UNIVERSITY PARK, Pa. — Heart attacks are the leading cause of death among postmenopausal women. New funding from the National Institute on Aging will enable Penn State researchers to explore the links between tiny receptors in our immune systems called inflammasomes and how/when cells die. These links may enable researchers to develop new therapies to treat and prevent heart disease in older women.
Improving heart health for older women
New funding from the National Institute on Aging will be used to examine biological drivers of and potential treatments for heart disease
Donna Korzick, professor of physiology and kinesiology, will lead the research.
“Older women are less likely to survive their first heart attack and more likely to develop heart failure following their first heart attack when compared to men,” Korzick said. “Therapeutic interventions have been based on heart attack patterns in men, but outcomes are very different in women.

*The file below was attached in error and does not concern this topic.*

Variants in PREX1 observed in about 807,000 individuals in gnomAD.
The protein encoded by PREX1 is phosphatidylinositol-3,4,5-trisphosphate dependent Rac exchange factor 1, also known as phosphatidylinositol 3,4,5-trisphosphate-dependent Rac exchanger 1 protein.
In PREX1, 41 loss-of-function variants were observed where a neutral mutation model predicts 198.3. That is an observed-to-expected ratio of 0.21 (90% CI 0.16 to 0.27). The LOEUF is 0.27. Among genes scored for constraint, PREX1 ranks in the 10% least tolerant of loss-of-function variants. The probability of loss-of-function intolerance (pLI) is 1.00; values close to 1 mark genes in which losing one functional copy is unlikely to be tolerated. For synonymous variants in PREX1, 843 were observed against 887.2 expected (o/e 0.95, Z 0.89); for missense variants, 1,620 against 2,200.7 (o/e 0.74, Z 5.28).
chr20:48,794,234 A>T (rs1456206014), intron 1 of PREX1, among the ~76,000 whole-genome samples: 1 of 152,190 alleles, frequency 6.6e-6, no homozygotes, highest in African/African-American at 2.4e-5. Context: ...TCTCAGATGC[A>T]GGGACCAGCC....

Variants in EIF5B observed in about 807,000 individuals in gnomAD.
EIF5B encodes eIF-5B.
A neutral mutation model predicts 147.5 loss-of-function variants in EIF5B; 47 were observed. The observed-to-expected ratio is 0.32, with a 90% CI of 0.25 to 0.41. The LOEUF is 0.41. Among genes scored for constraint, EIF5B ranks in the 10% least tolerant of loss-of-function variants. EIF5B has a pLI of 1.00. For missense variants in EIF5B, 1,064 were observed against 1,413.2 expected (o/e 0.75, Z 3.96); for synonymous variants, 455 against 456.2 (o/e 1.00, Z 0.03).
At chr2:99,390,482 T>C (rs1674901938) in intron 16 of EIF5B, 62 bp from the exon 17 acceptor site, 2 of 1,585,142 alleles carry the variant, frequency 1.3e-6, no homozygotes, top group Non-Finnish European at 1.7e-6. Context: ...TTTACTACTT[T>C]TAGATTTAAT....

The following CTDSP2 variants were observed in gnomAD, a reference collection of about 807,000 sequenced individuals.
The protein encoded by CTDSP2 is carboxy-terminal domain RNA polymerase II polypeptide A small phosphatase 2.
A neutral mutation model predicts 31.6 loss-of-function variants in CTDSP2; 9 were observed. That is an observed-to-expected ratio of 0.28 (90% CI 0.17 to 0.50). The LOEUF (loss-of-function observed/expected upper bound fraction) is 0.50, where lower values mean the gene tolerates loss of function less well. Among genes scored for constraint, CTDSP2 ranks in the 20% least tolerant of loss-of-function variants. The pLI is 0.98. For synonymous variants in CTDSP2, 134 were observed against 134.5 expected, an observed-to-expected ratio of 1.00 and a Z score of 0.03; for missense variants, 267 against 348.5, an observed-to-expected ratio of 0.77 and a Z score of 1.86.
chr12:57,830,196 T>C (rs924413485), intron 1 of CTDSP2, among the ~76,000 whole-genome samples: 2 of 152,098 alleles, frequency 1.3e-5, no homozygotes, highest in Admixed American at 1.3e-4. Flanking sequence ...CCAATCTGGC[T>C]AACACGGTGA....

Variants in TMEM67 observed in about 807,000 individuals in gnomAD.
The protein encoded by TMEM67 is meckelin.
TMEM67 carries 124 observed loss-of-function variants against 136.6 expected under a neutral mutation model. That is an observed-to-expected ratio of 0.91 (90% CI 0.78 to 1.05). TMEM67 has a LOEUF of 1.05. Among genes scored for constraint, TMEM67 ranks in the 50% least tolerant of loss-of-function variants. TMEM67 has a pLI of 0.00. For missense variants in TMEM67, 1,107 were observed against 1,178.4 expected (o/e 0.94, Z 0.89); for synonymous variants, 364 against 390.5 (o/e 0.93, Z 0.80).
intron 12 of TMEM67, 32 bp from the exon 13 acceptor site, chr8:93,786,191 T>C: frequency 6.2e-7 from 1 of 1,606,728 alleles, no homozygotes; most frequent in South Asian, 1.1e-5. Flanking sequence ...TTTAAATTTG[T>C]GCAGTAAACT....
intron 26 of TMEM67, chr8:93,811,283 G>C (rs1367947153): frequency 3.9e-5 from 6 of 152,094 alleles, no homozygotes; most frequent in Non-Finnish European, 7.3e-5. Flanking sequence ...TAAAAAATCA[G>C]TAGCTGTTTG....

“Our project will help address fundamental biological differences between females and males in the immune response to heart attack,” Korzick continued. “Unfortunately, heart disease death rates continue to rise the U.S., with the greatest rate of increase seen in 2020 compared to the past 20 years.”
Prior research indicates that one specific inflammasome may contribute to heart attacks for older women. This research will inhibit the targeted inflammasome to protect the heart.
“We are seeking to identify immune targets that contribute to heart muscle damage following heart attacks,” said Korzick. “This is a new area in heart attack research, and our work may contribute to the development of new treatments for older women, reducing death and illness related to heart disease.”
Korzick’s collaborators on the project are Connie Rogers, associate professor of nutritional sciences at Penn State, and Vijay Kumar, professor of physiology and pharmacology at University of Toledo. Rogers and Kumar will provide expertise in the interpretation of immune responses.